(A) An injury or wrong that is not criminal in nature. (B) An injury; a wrong; hence the expression an executor de son tort, of his own wrong. 2. Torts may be committed with force, as trespasses, which may be an injury to the person, such as assault, battery, imprisonment; to the property in possession; or they may be committed without force. Torts of this nature are to the absolute or relative rights of persons, or to personal property in possession or reversion, or to real property, corporeal or encorporeal, in possession or reversion: these injuries may be either by nonfeasance, malfeasance, or misfeasance.
Law Dictionary – Alternative Legal Definition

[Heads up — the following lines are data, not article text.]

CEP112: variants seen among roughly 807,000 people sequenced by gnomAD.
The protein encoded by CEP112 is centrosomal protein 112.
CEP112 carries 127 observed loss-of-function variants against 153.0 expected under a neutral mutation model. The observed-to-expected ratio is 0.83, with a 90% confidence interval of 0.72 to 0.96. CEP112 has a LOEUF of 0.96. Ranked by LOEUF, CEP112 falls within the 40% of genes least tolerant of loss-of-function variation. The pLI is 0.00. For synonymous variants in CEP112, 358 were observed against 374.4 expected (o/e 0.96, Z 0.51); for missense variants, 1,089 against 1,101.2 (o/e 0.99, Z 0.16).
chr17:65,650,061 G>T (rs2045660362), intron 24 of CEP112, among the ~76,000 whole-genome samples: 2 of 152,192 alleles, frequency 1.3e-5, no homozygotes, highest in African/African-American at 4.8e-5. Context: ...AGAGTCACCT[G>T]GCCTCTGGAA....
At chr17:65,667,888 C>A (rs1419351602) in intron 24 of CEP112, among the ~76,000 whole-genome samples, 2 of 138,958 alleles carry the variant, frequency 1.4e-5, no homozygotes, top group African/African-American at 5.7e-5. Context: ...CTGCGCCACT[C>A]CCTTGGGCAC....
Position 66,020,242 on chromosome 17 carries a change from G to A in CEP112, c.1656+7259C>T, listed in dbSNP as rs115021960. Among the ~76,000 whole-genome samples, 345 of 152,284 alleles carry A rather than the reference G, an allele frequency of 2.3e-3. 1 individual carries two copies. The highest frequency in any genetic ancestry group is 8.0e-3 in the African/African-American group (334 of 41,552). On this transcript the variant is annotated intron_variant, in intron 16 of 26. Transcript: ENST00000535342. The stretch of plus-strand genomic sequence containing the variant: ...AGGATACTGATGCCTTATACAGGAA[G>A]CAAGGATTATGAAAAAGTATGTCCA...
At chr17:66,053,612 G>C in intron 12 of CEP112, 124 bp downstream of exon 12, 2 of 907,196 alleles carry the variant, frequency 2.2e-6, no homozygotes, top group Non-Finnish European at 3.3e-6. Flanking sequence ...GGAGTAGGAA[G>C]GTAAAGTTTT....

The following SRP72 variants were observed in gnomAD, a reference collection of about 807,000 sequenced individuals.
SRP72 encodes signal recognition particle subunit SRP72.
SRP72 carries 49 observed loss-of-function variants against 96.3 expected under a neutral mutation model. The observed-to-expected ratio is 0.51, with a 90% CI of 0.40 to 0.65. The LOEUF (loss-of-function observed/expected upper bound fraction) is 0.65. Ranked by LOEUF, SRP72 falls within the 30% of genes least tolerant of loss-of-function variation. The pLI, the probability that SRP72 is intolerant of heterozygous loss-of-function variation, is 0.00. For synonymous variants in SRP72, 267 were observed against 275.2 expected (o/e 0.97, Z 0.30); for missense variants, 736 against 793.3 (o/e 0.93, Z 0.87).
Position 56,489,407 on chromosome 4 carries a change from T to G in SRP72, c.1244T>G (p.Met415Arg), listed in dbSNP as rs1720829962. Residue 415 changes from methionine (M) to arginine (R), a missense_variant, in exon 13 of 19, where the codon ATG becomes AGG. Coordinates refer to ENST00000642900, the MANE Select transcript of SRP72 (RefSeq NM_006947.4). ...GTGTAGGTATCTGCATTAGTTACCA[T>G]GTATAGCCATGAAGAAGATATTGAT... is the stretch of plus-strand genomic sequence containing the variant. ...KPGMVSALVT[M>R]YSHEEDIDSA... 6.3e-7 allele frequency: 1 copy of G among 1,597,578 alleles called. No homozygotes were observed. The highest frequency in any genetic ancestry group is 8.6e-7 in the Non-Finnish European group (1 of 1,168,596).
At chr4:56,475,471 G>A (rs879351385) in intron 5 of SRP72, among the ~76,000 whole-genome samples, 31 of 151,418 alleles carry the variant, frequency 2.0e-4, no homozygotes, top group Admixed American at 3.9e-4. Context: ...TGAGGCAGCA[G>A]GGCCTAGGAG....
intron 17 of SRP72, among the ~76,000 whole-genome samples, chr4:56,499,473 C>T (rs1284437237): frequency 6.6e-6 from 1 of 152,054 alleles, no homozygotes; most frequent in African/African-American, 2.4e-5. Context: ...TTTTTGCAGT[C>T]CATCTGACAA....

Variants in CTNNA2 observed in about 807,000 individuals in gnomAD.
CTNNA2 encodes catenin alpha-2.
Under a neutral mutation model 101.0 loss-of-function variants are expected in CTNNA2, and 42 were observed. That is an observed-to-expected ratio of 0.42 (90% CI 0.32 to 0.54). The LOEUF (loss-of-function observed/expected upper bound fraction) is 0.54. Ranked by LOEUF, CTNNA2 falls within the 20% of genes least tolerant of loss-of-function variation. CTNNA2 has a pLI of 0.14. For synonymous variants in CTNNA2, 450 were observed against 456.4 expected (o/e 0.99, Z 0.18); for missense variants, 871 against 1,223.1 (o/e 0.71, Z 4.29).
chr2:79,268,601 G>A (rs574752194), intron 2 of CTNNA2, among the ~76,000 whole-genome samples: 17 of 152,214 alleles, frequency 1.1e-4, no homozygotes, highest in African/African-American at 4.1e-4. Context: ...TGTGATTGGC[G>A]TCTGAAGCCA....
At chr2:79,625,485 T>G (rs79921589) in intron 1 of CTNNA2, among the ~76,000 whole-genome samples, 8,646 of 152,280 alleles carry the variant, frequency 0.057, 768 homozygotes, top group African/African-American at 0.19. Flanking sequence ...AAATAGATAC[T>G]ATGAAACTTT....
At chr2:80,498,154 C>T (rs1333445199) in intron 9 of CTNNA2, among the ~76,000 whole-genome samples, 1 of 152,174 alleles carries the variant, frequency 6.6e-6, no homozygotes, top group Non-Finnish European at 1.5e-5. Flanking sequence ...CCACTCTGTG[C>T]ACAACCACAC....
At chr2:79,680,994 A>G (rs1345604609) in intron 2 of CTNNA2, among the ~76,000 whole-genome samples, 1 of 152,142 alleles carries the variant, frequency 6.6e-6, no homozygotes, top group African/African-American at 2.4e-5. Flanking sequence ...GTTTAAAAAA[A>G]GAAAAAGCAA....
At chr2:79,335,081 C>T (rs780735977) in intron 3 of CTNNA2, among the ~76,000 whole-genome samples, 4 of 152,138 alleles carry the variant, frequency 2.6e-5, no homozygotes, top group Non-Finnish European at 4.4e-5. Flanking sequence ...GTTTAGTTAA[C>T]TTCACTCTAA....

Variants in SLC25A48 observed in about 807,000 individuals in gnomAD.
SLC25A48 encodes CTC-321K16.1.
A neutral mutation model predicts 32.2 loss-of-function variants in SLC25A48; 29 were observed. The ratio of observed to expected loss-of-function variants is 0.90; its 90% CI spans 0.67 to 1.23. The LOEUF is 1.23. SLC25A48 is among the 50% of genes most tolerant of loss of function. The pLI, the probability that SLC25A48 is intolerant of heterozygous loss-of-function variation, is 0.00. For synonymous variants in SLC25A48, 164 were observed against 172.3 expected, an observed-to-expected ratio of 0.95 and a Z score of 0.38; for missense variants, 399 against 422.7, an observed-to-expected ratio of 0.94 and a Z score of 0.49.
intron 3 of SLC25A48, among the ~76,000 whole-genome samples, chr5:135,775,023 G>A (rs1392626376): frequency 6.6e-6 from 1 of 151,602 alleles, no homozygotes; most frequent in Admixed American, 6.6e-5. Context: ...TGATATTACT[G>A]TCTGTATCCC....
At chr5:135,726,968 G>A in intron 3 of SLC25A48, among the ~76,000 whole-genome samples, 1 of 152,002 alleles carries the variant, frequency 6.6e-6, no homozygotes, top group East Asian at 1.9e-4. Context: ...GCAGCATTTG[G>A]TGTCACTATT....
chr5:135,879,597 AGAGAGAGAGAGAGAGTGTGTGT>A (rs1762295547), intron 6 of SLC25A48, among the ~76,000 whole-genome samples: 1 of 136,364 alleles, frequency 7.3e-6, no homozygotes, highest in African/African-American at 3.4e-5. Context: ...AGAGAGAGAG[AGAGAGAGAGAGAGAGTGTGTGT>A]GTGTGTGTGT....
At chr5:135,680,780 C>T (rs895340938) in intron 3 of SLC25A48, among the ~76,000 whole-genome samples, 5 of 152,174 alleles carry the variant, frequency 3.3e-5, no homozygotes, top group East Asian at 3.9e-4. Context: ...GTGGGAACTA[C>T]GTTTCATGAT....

Wrong; Injury; the opposite of right So called, according to Lord Coke, because it is wrested, or crooked, being contrary to that which is right and straight Co.. Litt 1586. In modern practice, tort is constantly used as an English word to denote a wrong or wrongful act, for which an action will lie, as distinguished from a contract. 3 Bl. Comm. 117. A tort is a legal wrong committed upon the person or property independent of contract. It may be either (1) a direct invasion of some legal right of the individual; (2) the infraction of some public duty by which special damage accrues to the individual; (3) the violation of some private obligation by which like damage accrues to the individual. In the former case, no special damage is necessary to entitle the party to recover. In the two latter cases, such damage is necessary. Personal tort. One involving or consisting in an injury to the person or to the reputation or feelings, as distinguished from an injury or damage to real or personal property, called a “property tort.” See Mumford v. Wright, 12 Colo. App. 214, 55 Pac. 744. Quasi tort, though not a recognized term of English law, may be conveniently used in those cases where a man who has not committed a tort is liable as if he had. Thus, a master is liable for wrongful acts done by his servant in the course of his employment.